Clarendon County to buy 4 police cars

Council accepts 2 USDA grants


Clarendon County Council accepted two grants from the U.S. Department of Agriculture's Rural Development Program at Monday night's council meeting to purchase four police cars.

The two Community Infrastructure Grants are for $50,000 and $49,000, with matching fund requirements of $42,000 and $41,000 respectively, according to Nickie Toomes from USDA.

"These grants will allow us to buy four vehicles at the price of two," County Administrator David Epperson said. "We will look in the budget for the extra money we need either at the end of this year or the beginning of next year."

Council Chairman Dwight Stewart said the county is appreciative of the grant money.

"Especially in rural areas, these grants are always important to us," Stewart said.


A group of residents in the Summerton area are hoping to promote the community for its important contribution to the Brown v. Board of Education, a landmark case that led the U.S. Supreme Court to declare racial segregation in public schools unconstitutional by a unanimous 9-0 vote in 1954.

The Rev. Robert China, pastor of Liberty Hill Church in Summerton, told council the Summerton Community Action Group was established to "recognize and honor the significant historical sacrifices and contributions made by the petitioners and plaintiffs in Summerton and Clarendon County."

Briggs v. Elliott, filed in Clarendon County in 1950, is one of five cases that were combined into the Brown v. Board of Education lawsuit.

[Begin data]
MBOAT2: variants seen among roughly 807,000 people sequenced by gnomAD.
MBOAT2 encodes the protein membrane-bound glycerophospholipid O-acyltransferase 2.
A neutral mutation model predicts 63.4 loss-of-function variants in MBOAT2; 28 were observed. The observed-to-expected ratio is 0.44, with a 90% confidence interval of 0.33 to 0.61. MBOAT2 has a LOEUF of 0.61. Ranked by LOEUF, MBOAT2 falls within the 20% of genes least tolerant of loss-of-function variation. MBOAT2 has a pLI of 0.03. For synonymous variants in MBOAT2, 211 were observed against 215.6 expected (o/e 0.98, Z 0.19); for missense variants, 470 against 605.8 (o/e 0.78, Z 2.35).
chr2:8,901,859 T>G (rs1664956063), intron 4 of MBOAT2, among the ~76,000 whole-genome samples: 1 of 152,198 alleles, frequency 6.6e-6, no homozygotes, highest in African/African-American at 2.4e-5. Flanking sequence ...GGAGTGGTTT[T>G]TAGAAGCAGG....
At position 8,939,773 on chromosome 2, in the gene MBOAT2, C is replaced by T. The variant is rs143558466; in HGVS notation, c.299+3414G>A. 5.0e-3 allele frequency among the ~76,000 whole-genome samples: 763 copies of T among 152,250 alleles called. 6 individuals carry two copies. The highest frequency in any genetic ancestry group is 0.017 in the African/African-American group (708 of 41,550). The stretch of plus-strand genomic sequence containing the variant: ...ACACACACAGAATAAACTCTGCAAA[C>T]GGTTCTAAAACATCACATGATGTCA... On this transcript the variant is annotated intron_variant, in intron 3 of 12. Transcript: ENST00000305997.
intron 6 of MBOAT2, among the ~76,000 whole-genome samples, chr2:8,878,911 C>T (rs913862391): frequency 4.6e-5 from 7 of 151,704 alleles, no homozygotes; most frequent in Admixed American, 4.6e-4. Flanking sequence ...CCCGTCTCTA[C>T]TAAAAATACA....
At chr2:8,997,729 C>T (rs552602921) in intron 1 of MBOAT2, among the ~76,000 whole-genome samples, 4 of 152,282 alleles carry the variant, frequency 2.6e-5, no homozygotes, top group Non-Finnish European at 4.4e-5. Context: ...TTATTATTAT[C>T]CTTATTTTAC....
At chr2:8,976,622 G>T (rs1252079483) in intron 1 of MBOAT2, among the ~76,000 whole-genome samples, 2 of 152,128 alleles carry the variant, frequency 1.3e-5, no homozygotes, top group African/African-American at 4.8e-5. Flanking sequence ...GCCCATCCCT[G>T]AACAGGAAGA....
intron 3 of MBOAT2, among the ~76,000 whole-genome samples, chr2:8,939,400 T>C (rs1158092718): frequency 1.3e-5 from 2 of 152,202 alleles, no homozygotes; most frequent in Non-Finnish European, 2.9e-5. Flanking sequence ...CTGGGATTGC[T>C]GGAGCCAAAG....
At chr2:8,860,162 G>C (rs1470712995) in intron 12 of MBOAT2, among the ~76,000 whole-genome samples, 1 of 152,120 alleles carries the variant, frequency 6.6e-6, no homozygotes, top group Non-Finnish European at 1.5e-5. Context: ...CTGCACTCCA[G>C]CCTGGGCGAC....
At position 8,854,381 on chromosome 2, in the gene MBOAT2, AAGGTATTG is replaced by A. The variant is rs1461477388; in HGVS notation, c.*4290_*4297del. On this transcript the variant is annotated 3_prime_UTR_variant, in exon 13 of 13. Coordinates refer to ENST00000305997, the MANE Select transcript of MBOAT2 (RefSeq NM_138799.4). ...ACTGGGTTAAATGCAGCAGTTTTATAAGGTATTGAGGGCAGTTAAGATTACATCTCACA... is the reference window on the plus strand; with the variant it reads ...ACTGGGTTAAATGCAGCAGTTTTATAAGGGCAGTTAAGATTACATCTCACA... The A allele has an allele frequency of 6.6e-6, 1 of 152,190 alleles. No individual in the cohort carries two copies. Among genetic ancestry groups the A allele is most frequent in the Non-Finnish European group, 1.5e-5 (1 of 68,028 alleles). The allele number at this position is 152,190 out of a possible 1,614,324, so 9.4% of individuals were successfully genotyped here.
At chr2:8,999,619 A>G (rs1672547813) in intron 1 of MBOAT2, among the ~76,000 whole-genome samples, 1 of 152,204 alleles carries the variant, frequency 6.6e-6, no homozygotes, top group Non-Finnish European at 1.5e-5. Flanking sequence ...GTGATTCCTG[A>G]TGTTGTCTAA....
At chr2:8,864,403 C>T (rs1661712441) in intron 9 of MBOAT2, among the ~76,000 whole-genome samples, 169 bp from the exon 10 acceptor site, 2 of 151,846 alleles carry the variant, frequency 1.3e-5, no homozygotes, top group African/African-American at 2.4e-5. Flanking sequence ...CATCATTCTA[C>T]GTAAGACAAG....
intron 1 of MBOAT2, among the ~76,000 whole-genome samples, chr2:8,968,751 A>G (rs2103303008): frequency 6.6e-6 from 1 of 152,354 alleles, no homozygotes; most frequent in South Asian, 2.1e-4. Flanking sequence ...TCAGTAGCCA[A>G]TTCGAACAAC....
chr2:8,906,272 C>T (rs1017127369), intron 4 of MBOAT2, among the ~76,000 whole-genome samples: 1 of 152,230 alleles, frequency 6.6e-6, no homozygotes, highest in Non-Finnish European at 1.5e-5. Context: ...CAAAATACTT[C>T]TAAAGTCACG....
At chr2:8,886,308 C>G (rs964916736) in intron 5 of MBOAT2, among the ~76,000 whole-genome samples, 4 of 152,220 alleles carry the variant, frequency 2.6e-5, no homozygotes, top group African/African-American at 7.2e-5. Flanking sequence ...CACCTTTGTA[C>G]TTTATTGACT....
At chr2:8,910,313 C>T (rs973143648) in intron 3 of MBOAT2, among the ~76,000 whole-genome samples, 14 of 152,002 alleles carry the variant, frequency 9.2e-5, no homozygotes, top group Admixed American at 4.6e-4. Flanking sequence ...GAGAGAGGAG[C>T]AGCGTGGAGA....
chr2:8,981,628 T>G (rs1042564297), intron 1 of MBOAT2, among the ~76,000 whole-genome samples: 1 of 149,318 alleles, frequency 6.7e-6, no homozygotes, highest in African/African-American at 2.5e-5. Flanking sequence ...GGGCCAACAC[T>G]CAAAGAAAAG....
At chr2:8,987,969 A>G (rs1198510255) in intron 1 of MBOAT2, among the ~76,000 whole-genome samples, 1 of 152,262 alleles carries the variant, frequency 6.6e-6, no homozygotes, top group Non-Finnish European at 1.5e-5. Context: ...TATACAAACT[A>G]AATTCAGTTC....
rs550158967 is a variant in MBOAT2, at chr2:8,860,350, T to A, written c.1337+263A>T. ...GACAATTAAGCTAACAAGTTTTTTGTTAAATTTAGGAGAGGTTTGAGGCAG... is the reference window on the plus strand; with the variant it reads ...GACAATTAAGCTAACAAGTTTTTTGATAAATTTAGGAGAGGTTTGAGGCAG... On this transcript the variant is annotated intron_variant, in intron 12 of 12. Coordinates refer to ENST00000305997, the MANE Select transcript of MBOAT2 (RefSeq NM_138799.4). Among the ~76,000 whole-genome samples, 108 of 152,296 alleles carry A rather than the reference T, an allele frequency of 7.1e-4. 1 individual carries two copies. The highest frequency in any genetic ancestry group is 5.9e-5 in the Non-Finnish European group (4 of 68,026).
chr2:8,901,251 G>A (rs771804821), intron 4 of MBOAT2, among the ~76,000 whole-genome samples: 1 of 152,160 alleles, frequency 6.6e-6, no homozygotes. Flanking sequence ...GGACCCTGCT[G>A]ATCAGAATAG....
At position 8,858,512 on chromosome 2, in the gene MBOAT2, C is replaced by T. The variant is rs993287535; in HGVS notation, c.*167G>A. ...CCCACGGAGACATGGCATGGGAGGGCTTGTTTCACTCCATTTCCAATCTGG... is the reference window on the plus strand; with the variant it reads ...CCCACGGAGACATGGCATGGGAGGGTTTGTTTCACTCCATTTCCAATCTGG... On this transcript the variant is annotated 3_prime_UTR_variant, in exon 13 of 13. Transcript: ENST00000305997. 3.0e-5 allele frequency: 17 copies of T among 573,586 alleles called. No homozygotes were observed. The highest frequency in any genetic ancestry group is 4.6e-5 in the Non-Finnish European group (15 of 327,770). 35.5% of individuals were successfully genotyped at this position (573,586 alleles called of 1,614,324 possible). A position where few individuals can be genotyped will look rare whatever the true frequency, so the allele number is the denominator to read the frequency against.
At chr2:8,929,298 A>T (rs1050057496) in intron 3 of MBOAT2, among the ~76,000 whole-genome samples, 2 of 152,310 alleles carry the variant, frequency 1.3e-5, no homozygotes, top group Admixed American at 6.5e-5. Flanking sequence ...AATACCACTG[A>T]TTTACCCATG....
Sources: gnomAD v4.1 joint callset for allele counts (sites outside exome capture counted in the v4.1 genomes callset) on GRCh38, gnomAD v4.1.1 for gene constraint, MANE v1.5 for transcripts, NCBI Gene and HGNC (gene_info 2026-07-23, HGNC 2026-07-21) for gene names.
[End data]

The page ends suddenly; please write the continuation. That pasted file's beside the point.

"We all know that the Supreme Court ruled in Brown v. Board of Education, but Briggs v. Elliott was the first of five cases that made up that case," China said.

He said the group hopes to erect historic monuments and markers to commemorate the contributions made by individuals in Clarendon County.

"We believe contributions made in this county have not yet received the historical recognition that it should," he said.


Council accepted a deed to a road from a private party that developed the road and maintained it for one year.

Planning Commission Chair Maria Rose said the road had been approved by the planning commission and that it meets all the standards to become a publicly maintained road.

The council also passed the third and final reading of ordinances to merge the Clarendon County Delinquent Tax Collector's Department with the County Treasurer's Office and to merge animal control with the Clarendon County Sheriff's Office.

Also passed was the third reading of an ordinance to allow council to appoint and commission county code enforcement officers with the powers of a constable, rather than making custodial arrests.